The Europeans too have changed, in personnel and in approach. While Jacques Chirac and Gerhard Schroder led the European opposition to the war in Iraq, Angela Merkel and Nicholas Sarkozy have sought to write a new chapter of friendship with Washington, even if it has sometimes been of the candid variety.
Even they, however, had their reservations on some of the post 9/11 issues. As Charles Grant says: "Some of the reason why public opinion has gone so hostile to the U.S. is actually particular things such as Guantanamo Bay, Abu Ghraib and Bush's views on the use of torture ..you won't find any European government that really agrees with Bush on that".
Merkel and Sarkozy have not taken kindly either to Bush trying to push the EU to accept Turkey as a member. As one former EU Foreign Affairs Commissioner put it: "How would the US react if we started pushing them to accept Mexico as the 51st state?"
But with sky high oil prices, soaring food prices, a U.S.-induced international credit crunch and a deadlocked Middle East peace process will the President's trip do anything to help? Or will it merely provide a few-more glass-clinking photos for the final Presidential scrapbook.?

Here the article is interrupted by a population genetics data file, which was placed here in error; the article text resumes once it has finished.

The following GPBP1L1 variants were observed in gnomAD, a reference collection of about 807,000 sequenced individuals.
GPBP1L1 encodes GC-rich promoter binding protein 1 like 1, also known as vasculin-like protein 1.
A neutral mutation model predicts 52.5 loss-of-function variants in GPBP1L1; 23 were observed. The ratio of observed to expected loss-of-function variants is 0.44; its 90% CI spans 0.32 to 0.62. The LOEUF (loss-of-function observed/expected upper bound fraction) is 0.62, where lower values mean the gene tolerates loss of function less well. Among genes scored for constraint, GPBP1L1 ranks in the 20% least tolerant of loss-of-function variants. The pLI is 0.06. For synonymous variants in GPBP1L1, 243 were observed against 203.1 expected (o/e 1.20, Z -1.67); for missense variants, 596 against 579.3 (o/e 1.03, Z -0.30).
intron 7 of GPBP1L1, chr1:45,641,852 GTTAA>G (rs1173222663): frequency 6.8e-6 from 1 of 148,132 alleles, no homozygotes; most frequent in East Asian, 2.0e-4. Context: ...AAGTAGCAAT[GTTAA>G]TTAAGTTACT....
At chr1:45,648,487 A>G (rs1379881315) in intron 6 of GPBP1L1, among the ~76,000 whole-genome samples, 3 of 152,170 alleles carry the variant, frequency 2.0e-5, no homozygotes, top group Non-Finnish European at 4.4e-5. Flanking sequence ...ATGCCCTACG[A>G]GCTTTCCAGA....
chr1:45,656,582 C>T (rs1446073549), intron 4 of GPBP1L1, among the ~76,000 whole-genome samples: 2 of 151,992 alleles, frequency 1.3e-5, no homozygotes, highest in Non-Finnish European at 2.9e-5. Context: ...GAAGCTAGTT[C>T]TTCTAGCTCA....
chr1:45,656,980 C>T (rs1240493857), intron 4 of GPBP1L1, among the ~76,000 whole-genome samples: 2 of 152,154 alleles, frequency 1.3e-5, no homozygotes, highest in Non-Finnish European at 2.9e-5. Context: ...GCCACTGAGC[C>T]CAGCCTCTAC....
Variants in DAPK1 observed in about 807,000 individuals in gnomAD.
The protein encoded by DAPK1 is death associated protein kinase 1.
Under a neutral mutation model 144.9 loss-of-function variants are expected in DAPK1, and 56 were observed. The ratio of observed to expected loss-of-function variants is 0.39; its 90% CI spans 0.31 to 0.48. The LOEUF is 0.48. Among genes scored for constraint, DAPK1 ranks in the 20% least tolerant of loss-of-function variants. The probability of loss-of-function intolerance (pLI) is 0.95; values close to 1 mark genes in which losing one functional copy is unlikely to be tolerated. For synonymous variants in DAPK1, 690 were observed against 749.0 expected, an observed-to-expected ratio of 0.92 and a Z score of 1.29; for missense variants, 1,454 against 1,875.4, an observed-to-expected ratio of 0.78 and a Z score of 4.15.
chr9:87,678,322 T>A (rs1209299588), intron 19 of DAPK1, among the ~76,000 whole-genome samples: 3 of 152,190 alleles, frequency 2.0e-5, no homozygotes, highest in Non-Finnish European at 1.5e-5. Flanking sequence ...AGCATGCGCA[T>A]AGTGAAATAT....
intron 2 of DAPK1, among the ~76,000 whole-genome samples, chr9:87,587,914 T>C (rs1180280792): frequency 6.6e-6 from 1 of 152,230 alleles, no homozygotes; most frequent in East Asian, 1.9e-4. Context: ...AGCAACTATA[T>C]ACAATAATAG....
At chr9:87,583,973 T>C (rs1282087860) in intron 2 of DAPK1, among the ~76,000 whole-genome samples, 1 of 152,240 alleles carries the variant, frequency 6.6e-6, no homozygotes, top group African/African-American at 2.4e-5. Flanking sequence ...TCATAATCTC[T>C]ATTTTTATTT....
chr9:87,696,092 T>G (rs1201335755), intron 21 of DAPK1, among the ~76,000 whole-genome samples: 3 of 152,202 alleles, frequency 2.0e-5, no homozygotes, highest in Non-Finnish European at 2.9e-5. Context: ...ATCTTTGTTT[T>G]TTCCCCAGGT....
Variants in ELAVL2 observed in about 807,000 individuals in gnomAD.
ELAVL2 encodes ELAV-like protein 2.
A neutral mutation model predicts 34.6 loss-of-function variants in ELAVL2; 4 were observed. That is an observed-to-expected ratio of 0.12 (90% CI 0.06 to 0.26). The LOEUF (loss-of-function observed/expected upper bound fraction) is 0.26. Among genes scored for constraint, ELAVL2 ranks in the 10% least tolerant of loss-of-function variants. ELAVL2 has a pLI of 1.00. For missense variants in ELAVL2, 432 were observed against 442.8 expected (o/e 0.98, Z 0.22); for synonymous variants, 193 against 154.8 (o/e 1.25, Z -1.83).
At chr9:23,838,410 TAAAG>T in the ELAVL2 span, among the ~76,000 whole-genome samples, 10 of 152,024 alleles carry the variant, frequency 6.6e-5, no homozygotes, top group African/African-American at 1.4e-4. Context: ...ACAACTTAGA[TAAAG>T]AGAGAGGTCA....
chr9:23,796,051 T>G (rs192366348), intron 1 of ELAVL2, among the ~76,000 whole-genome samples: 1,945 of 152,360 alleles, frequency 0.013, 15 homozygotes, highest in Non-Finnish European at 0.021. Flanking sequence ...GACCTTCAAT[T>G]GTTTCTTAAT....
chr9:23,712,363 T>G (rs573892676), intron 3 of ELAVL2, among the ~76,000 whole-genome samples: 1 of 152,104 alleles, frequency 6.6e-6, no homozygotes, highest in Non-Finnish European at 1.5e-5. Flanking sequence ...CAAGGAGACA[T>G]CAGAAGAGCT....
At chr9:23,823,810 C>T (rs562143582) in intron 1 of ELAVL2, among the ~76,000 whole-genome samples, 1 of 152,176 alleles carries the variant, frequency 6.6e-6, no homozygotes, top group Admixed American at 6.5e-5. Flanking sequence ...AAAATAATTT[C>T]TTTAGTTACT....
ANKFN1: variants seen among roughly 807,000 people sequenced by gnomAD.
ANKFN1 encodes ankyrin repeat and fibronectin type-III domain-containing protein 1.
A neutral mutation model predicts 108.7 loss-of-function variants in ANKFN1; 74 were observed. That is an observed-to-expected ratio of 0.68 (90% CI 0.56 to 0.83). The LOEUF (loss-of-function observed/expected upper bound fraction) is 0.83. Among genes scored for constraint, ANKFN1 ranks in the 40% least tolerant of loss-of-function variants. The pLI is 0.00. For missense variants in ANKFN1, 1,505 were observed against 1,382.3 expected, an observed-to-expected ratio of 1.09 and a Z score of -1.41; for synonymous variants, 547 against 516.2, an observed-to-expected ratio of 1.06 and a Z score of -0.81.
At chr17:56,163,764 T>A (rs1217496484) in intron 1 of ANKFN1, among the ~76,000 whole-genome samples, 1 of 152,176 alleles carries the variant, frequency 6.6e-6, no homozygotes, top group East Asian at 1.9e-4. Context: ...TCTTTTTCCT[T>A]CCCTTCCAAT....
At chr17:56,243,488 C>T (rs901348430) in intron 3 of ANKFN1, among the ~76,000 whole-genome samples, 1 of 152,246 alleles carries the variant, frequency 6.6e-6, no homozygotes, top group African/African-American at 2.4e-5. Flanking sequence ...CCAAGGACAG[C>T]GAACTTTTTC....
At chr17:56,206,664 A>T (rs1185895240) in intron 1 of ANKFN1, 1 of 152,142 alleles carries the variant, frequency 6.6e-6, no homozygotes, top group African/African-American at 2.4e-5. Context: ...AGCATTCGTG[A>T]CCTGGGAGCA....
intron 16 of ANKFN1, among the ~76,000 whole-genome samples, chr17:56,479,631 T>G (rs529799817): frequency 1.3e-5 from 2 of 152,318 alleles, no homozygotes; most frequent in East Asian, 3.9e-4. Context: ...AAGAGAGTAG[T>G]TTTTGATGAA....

Shepherd says that when the EU/U.S. transatlantic community gets together it can do as much to influence such matters as any actor on the world stage. But specifics may be more difficult.
Take the Middle East. Charles Grant points out the potential tension there: "At the moment both the U.S. and the EU have the same line which is that we don't talk to Hamas, unless it recognizes Israel, renounces violence and accepts existing agreements between the Palestinian Authority and Israel.
However Europeans are moving towards a position where they think they may need to start talking to Hamas". That is not a view this president is ever likely to share.
Dealing with an ever more assertive Russia is also tricky, largely because the EU countries are divided. States like Poland and Lithuania, which suffered under the old Soviet Union, are keen for the EU to take a tough line. Others fear for their energy supplies and their trade if they do. The EU is Russia's biggest trading partner. The US does little business with Russia and can more easily afford confrontation.
But if there is an issue this year causing European and U.S. officials to sink their claws in each other it is chickens. Yes, chickens. Because U.S. poultry suppliers wash their chickens in chlorine the EU authorities ban them under their safety regulations. The row has rumbled on for years. Officials on both sides have been working towards a compromise, so far without being able to wrap up a deal.
If Bush can finally soothe the ruffled feathers on this one he may yet go down in Europe as a diplomat.